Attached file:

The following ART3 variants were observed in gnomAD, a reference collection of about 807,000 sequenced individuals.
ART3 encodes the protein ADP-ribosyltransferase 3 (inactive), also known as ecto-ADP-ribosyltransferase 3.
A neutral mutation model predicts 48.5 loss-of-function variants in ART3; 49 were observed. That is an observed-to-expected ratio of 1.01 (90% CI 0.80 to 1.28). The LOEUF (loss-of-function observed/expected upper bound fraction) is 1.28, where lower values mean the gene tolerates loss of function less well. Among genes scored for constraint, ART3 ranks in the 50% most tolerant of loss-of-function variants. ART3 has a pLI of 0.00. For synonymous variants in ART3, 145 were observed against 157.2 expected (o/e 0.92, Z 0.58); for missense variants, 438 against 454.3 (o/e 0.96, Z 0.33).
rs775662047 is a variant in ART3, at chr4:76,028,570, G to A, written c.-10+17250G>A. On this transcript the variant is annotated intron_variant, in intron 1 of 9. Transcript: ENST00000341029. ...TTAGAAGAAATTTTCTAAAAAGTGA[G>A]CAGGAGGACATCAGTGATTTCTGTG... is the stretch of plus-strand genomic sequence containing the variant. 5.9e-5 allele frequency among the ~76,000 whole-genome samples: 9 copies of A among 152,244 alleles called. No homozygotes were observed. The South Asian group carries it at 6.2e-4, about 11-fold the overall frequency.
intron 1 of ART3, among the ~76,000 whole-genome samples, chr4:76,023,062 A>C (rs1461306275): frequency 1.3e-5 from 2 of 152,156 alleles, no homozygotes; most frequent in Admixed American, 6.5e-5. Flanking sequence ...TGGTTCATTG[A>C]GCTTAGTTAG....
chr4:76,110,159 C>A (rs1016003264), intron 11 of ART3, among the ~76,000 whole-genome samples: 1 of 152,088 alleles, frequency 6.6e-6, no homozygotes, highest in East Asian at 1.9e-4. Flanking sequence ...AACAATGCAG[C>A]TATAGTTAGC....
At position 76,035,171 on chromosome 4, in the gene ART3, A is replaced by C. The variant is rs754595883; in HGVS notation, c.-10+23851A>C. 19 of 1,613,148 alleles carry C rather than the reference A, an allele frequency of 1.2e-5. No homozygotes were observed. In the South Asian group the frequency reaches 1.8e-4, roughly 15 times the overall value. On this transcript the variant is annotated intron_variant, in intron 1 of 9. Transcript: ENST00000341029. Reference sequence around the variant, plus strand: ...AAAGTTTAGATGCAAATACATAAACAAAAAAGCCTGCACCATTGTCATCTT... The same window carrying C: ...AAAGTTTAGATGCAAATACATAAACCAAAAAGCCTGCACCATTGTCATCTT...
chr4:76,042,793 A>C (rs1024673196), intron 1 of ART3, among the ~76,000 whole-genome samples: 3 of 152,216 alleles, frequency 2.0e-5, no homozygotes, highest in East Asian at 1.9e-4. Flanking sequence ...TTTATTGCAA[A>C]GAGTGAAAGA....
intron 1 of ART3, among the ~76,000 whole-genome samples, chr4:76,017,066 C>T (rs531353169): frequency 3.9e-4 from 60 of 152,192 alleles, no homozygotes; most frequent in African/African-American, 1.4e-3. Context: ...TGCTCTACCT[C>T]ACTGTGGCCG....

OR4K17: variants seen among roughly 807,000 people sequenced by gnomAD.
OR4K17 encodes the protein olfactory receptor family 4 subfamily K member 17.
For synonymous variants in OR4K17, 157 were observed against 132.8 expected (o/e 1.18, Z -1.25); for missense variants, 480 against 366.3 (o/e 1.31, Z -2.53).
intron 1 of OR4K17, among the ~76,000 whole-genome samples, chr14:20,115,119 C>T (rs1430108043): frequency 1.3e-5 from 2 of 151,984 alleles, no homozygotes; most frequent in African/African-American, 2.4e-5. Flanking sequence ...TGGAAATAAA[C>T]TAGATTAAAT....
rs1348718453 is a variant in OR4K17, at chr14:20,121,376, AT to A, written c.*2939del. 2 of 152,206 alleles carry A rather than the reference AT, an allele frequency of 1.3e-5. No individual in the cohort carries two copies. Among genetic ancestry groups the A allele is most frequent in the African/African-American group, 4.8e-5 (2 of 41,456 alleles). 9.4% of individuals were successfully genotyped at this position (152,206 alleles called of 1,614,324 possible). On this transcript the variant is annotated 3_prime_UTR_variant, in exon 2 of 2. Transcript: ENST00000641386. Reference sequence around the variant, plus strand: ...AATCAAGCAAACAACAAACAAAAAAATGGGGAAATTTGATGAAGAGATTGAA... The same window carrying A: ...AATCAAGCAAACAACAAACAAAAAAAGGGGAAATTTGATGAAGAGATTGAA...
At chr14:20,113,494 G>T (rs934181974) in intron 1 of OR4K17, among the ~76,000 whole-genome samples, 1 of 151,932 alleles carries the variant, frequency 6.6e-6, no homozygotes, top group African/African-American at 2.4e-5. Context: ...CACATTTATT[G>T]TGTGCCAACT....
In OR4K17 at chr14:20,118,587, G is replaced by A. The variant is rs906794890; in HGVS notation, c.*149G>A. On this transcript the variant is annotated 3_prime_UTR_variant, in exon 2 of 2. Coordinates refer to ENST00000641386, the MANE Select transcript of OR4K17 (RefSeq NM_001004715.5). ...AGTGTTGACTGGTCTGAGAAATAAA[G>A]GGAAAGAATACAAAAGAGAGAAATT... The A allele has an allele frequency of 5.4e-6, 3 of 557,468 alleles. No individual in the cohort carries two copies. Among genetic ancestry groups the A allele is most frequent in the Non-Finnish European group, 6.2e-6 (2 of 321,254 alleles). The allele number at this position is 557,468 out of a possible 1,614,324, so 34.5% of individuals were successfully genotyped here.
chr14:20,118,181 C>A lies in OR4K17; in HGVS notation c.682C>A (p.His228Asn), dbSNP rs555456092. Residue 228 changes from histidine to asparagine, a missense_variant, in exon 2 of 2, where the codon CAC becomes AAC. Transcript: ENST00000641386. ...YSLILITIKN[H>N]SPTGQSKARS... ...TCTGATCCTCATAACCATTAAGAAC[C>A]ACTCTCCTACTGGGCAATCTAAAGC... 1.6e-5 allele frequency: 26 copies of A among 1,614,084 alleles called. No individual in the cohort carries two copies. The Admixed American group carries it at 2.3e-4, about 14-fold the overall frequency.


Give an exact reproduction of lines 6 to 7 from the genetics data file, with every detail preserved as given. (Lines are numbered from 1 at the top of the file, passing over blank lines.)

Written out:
chr4:76,110,159 C>A (rs1016003264), intron 11 of ART3, among the ~76,000 whole-genome samples: 1 of 152,088 alleles, frequency 6.6e-6, no homozygotes, highest in East Asian at 1.9e-4. Flanking sequence ...AACAATGCAG[C>A]TATAGTTAGC....
At position 76,035,171 on chromosome 4, in the gene ART3, A is replaced by C. The variant is rs754595883; in HGVS notation, c.-10+23851A>C. 19 of 1,613,148 alleles carry C rather than the reference A, an allele frequency of 1.2e-5. No homozygotes were observed. In the South Asian group the frequency reaches 1.8e-4, roughly 15 times the overall value. On this transcript the variant is annotated intron_variant, in intron 1 of 9. Transcript: ENST00000341029. Reference sequence around the variant, plus strand: ...AAAGTTTAGATGCAAATACATAAACAAAAAAGCCTGCACCATTGTCATCTT... The same window carrying C: ...AAAGTTTAGATGCAAATACATAAACCAAAAAGCCTGCACCATTGTCATCTT...